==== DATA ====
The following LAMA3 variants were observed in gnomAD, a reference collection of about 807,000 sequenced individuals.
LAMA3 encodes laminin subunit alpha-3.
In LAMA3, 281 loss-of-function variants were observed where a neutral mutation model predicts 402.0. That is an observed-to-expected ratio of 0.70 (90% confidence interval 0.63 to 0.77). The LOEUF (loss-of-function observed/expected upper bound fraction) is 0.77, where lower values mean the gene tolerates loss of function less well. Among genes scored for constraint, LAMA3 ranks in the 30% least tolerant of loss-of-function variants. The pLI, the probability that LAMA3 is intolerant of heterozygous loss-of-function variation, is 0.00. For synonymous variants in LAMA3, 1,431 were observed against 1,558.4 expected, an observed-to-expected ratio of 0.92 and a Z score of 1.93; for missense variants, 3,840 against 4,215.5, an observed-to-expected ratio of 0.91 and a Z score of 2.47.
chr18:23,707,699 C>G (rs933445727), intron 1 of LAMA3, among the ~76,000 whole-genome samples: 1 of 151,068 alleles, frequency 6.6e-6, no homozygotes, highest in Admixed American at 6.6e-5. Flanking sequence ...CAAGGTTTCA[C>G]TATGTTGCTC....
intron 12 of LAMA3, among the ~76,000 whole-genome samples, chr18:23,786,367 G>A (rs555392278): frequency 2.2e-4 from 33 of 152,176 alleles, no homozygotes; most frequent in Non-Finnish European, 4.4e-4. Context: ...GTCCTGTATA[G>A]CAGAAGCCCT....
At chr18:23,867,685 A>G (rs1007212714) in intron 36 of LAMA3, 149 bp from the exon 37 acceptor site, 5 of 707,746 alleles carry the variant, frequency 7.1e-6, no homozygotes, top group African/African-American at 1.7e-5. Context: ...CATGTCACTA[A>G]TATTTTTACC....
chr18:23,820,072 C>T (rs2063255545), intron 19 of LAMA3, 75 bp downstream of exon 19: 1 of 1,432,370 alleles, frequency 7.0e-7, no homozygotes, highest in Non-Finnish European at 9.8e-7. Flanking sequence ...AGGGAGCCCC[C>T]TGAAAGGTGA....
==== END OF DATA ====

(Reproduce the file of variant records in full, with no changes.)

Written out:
The following LAMA3 variants were observed in gnomAD, a reference collection of about 807,000 sequenced individuals.
LAMA3 encodes laminin subunit alpha-3.
In LAMA3, 281 loss-of-function variants were observed where a neutral mutation model predicts 402.0. That is an observed-to-expected ratio of 0.70 (90% confidence interval 0.63 to 0.77). The LOEUF (loss-of-function observed/expected upper bound fraction) is 0.77, where lower values mean the gene tolerates loss of function less well. Among genes scored for constraint, LAMA3 ranks in the 30% least tolerant of loss-of-function variants. The pLI, the probability that LAMA3 is intolerant of heterozygous loss-of-function variation, is 0.00. For synonymous variants in LAMA3, 1,431 were observed against 1,558.4 expected, an observed-to-expected ratio of 0.92 and a Z score of 1.93; for missense variants, 3,840 against 4,215.5, an observed-to-expected ratio of 0.91 and a Z score of 2.47.
chr18:23,707,699 C>G (rs933445727), intron 1 of LAMA3, among the ~76,000 whole-genome samples: 1 of 151,068 alleles, frequency 6.6e-6, no homozygotes, highest in Admixed American at 6.6e-5. Flanking sequence ...CAAGGTTTCA[C>G]TATGTTGCTC....
intron 12 of LAMA3, among the ~76,000 whole-genome samples, chr18:23,786,367 G>A (rs555392278): frequency 2.2e-4 from 33 of 152,176 alleles, no homozygotes; most frequent in Non-Finnish European, 4.4e-4. Context: ...GTCCTGTATA[G>A]CAGAAGCCCT....
At chr18:23,867,685 A>G (rs1007212714) in intron 36 of LAMA3, 149 bp from the exon 37 acceptor site, 5 of 707,746 alleles carry the variant, frequency 7.1e-6, no homozygotes, top group African/African-American at 1.7e-5. Context: ...CATGTCACTA[A>G]TATTTTTACC....
chr18:23,820,072 C>T (rs2063255545), intron 19 of LAMA3, 75 bp downstream of exon 19: 1 of 1,432,370 alleles, frequency 7.0e-7, no homozygotes, highest in Non-Finnish European at 9.8e-7. Flanking sequence ...AGGGAGCCCC[C>T]TGAAAGGTGA....